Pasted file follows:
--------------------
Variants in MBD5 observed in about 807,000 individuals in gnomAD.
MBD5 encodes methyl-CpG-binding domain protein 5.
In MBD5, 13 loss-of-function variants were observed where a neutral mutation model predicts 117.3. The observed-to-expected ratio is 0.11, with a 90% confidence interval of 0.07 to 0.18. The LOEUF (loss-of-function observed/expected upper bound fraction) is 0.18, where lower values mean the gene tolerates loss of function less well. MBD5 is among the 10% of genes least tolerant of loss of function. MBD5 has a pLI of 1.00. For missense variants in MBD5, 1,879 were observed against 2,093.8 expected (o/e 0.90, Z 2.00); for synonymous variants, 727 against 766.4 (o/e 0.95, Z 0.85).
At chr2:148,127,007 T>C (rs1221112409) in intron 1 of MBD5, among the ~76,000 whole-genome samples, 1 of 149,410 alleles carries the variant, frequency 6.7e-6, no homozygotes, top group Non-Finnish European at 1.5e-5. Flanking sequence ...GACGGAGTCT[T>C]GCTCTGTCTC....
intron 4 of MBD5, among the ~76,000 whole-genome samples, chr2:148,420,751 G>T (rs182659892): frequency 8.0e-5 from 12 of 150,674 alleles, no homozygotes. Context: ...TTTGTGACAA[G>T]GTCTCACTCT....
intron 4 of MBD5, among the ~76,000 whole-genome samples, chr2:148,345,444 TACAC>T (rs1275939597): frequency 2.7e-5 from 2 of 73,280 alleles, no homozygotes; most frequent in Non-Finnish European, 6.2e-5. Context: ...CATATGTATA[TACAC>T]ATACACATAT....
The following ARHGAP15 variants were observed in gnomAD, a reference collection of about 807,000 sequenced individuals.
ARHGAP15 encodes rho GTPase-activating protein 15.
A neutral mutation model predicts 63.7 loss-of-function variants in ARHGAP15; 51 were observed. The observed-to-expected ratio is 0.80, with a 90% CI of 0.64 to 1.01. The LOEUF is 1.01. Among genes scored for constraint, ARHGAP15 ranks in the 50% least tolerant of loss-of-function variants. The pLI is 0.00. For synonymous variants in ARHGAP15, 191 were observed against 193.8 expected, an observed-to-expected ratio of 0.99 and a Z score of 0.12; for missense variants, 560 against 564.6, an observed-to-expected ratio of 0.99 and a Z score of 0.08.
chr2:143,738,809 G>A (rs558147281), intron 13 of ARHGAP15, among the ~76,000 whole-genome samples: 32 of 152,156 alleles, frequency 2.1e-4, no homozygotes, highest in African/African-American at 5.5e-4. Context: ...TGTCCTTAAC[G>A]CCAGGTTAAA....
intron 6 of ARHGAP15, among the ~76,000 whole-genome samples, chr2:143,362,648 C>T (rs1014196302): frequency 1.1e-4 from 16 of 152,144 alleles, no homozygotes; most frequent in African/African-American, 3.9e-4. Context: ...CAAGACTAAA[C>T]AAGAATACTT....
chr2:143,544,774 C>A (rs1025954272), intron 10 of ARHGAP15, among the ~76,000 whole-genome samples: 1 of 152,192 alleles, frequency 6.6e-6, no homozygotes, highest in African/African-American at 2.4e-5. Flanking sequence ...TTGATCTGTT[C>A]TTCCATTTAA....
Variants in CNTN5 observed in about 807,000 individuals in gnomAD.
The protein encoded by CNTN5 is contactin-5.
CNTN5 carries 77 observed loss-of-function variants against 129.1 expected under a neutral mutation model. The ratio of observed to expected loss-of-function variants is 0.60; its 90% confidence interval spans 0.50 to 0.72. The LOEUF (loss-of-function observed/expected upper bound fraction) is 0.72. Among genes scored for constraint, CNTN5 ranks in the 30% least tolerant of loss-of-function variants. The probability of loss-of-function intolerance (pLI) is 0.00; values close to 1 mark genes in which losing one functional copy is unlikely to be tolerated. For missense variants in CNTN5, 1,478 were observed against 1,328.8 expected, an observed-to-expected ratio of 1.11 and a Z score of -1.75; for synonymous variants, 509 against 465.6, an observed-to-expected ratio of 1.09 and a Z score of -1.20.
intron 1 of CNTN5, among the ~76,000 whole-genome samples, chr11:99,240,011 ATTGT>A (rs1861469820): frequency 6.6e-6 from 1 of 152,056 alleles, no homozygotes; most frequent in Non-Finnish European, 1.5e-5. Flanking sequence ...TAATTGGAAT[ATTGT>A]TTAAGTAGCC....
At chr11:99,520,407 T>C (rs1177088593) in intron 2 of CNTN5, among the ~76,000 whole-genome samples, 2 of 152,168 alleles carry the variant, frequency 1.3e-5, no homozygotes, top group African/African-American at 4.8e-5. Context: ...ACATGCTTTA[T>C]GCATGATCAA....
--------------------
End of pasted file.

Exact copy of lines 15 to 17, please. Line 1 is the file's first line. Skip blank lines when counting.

CNTN5 carries 77 observed loss-of-function variants against 129.1 expected under a neutral mutation model. The ratio of observed to expected loss-of-function variants is 0.60; its 90% confidence interval spans 0.50 to 0.72. The LOEUF (loss-of-function observed/expected upper bound fraction) is 0.72. Among genes scored for constraint, CNTN5 ranks in the 30% least tolerant of loss-of-function variants. The probability of loss-of-function intolerance (pLI) is 0.00; values close to 1 mark genes in which losing one functional copy is unlikely to be tolerated. For missense variants in CNTN5, 1,478 were observed against 1,328.8 expected, an observed-to-expected ratio of 1.11 and a Z score of -1.75; for synonymous variants, 509 against 465.6, an observed-to-expected ratio of 1.09 and a Z score of -1.20.
intron 1 of CNTN5, among the ~76,000 whole-genome samples, chr11:99,240,011 ATTGT>A (rs1861469820): frequency 6.6e-6 from 1 of 152,056 alleles, no homozygotes; most frequent in Non-Finnish European, 1.5e-5. Flanking sequence ...TAATTGGAAT[ATTGT>A]TTAAGTAGCC....
At chr11:99,520,407 T>C (rs1177088593) in intron 2 of CNTN5, among the ~76,000 whole-genome samples, 2 of 152,168 alleles carry the variant, frequency 1.3e-5, no homozygotes, top group African/African-American at 4.8e-5. Context: ...ACATGCTTTA[T>C]GCATGATCAA....